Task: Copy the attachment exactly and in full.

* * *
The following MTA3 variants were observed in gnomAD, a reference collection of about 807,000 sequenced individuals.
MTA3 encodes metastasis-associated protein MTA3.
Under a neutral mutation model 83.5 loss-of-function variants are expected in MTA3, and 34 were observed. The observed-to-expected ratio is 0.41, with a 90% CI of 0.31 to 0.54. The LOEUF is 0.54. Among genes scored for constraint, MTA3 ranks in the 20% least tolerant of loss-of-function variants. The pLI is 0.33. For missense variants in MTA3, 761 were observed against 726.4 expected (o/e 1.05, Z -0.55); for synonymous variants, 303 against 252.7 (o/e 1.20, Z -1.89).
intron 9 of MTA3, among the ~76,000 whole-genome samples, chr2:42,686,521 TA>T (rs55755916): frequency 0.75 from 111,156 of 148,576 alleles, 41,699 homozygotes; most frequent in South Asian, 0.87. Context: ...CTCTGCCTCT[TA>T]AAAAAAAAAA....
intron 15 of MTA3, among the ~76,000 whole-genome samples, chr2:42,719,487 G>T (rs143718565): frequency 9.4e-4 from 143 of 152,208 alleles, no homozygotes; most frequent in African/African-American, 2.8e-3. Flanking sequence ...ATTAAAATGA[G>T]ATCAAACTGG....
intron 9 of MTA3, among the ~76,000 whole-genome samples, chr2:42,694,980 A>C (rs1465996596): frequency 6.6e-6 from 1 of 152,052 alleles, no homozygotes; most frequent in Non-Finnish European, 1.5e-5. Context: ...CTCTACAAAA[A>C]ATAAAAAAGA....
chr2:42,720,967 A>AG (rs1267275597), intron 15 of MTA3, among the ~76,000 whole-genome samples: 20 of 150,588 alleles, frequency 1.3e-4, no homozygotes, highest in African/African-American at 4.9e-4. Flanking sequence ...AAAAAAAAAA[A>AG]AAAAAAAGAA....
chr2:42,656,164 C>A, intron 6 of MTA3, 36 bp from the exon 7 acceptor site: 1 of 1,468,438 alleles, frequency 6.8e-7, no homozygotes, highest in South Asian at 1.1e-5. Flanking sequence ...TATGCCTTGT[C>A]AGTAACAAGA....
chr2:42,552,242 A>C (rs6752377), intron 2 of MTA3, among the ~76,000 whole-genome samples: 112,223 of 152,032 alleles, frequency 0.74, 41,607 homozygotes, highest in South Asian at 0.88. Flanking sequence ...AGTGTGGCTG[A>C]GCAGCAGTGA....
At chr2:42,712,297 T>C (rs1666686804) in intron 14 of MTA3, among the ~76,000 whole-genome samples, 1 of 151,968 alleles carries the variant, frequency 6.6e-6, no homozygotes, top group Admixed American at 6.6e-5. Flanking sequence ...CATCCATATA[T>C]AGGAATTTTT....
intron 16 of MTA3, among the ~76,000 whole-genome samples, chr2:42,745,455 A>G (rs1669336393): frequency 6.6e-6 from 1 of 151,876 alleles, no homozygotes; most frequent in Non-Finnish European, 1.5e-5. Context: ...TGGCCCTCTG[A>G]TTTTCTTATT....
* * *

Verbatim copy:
The following MTA3 variants were observed in gnomAD, a reference collection of about 807,000 sequenced individuals.
MTA3 encodes metastasis-associated protein MTA3.
Under a neutral mutation model 83.5 loss-of-function variants are expected in MTA3, and 34 were observed. The observed-to-expected ratio is 0.41, with a 90% CI of 0.31 to 0.54. The LOEUF is 0.54. Among genes scored for constraint, MTA3 ranks in the 20% least tolerant of loss-of-function variants. The pLI is 0.33. For missense variants in MTA3, 761 were observed against 726.4 expected (o/e 1.05, Z -0.55); for synonymous variants, 303 against 252.7 (o/e 1.20, Z -1.89).
intron 9 of MTA3, among the ~76,000 whole-genome samples, chr2:42,686,521 TA>T (rs55755916): frequency 0.75 from 111,156 of 148,576 alleles, 41,699 homozygotes; most frequent in South Asian, 0.87. Context: ...CTCTGCCTCT[TA>T]AAAAAAAAAA....
intron 15 of MTA3, among the ~76,000 whole-genome samples, chr2:42,719,487 G>T (rs143718565): frequency 9.4e-4 from 143 of 152,208 alleles, no homozygotes; most frequent in African/African-American, 2.8e-3. Flanking sequence ...ATTAAAATGA[G>T]ATCAAACTGG....
intron 9 of MTA3, among the ~76,000 whole-genome samples, chr2:42,694,980 A>C (rs1465996596): frequency 6.6e-6 from 1 of 152,052 alleles, no homozygotes; most frequent in Non-Finnish European, 1.5e-5. Context: ...CTCTACAAAA[A>C]ATAAAAAAGA....
chr2:42,720,967 A>AG (rs1267275597), intron 15 of MTA3, among the ~76,000 whole-genome samples: 20 of 150,588 alleles, frequency 1.3e-4, no homozygotes, highest in African/African-American at 4.9e-4. Flanking sequence ...AAAAAAAAAA[A>AG]AAAAAAAGAA....
chr2:42,656,164 C>A, intron 6 of MTA3, 36 bp from the exon 7 acceptor site: 1 of 1,468,438 alleles, frequency 6.8e-7, no homozygotes, highest in South Asian at 1.1e-5. Flanking sequence ...TATGCCTTGT[C>A]AGTAACAAGA....
chr2:42,552,242 A>C (rs6752377), intron 2 of MTA3, among the ~76,000 whole-genome samples: 112,223 of 152,032 alleles, frequency 0.74, 41,607 homozygotes, highest in South Asian at 0.88. Flanking sequence ...AGTGTGGCTG[A>C]GCAGCAGTGA....
At chr2:42,712,297 T>C (rs1666686804) in intron 14 of MTA3, among the ~76,000 whole-genome samples, 1 of 151,968 alleles carries the variant, frequency 6.6e-6, no homozygotes, top group Admixed American at 6.6e-5. Flanking sequence ...CATCCATATA[T>C]AGGAATTTTT....
intron 16 of MTA3, among the ~76,000 whole-genome samples, chr2:42,745,455 A>G (rs1669336393): frequency 6.6e-6 from 1 of 151,876 alleles, no homozygotes; most frequent in Non-Finnish European, 1.5e-5. Context: ...TGGCCCTCTG[A>G]TTTTCTTATT....